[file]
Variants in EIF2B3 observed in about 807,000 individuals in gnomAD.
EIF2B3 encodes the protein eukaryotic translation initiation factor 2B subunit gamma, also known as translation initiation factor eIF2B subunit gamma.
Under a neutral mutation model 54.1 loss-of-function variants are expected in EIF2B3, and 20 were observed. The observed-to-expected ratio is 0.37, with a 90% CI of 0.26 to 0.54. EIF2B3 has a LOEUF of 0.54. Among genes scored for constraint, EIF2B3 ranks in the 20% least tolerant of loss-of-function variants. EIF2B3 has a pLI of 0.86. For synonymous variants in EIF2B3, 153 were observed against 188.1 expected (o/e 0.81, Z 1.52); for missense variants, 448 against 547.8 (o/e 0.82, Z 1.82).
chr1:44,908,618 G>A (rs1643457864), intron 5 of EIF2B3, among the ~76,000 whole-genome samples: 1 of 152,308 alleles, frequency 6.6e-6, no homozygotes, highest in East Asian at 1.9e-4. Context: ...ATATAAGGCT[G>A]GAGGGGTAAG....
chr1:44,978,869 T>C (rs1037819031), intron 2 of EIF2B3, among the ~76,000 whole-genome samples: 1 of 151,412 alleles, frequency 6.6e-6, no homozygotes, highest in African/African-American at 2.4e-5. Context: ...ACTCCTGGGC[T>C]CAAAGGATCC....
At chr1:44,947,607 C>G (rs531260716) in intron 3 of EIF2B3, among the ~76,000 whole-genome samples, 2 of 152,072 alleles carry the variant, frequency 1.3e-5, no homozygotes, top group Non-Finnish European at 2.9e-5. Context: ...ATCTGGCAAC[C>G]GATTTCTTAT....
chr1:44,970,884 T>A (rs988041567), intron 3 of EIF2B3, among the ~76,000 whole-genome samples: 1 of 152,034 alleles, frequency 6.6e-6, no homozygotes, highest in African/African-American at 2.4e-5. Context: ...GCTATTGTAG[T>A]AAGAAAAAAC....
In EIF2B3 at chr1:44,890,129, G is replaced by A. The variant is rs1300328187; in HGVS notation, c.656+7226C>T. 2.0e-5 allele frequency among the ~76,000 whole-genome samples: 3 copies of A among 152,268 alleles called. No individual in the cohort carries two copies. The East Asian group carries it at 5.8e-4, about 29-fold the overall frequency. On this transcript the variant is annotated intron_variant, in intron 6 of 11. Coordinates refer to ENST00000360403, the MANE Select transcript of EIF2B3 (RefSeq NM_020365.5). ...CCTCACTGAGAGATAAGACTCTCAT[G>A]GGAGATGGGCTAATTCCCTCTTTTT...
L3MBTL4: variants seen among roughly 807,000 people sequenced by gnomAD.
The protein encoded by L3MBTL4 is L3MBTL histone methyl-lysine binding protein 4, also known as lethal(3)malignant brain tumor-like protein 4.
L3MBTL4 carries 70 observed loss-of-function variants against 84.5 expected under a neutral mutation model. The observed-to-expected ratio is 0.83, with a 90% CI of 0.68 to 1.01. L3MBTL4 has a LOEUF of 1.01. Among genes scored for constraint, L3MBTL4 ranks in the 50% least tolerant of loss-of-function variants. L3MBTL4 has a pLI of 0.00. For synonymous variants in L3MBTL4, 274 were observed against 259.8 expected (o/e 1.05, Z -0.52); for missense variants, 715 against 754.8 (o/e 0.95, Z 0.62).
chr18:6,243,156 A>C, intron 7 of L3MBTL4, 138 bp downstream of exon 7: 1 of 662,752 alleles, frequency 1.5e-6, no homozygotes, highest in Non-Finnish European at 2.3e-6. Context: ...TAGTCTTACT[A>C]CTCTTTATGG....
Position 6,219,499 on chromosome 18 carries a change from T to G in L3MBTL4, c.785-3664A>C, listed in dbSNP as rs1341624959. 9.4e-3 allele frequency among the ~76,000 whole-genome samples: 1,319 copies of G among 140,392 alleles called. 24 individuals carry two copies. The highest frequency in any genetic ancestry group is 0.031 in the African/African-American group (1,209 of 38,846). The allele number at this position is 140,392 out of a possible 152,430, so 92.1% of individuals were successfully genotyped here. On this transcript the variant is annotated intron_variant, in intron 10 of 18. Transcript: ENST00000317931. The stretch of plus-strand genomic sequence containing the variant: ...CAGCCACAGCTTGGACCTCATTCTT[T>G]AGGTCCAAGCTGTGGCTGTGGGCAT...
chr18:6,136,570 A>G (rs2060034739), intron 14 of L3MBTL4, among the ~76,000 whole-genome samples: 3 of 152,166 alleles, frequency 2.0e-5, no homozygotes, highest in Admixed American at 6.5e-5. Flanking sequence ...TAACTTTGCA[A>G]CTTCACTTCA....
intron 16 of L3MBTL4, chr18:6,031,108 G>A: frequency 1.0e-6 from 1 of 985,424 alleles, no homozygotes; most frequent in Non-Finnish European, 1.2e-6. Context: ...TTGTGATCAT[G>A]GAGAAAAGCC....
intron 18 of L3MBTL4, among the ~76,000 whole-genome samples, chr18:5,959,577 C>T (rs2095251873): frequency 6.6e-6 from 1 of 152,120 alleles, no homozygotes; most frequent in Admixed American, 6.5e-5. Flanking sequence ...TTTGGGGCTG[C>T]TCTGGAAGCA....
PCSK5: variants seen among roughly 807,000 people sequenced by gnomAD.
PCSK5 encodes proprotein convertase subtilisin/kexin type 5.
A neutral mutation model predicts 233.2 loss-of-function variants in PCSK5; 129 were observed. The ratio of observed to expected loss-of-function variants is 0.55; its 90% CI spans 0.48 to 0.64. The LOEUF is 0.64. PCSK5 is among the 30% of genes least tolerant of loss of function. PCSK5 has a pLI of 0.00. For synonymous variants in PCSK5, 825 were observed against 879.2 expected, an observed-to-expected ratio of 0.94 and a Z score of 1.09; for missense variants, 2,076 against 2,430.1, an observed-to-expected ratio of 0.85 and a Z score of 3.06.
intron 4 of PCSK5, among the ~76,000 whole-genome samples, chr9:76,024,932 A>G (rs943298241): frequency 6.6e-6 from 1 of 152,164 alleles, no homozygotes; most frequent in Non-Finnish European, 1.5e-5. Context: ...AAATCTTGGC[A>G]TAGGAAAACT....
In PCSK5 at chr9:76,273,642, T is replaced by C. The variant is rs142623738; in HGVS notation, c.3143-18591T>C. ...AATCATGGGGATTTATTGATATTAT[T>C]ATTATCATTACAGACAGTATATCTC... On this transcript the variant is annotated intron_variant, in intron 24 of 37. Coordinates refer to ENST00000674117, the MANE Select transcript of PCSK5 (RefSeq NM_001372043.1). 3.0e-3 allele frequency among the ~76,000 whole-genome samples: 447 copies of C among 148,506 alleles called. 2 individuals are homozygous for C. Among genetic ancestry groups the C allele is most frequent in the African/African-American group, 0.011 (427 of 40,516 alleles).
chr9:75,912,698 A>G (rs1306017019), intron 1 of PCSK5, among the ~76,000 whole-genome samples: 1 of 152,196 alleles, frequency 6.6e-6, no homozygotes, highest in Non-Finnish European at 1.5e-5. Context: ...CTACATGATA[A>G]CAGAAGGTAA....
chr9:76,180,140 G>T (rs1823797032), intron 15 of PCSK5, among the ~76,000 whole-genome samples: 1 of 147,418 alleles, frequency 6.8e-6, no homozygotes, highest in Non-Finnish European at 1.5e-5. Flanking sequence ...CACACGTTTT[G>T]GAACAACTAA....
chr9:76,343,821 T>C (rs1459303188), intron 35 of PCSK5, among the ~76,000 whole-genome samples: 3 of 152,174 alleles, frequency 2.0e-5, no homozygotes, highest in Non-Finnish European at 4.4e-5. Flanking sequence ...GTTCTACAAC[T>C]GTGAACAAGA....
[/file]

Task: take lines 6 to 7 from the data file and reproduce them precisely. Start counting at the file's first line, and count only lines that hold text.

At chr1:44,947,607 C>G (rs531260716) in intron 3 of EIF2B3, among the ~76,000 whole-genome samples, 2 of 152,072 alleles carry the variant, frequency 1.3e-5, no homozygotes, top group Non-Finnish European at 2.9e-5. Context: ...ATCTGGCAAC[C>G]GATTTCTTAT....
chr1:44,970,884 T>A (rs988041567), intron 3 of EIF2B3, among the ~76,000 whole-genome samples: 1 of 152,034 alleles, frequency 6.6e-6, no homozygotes, highest in African/African-American at 2.4e-5. Context: ...GCTATTGTAG[T>A]AAGAAAAAAC....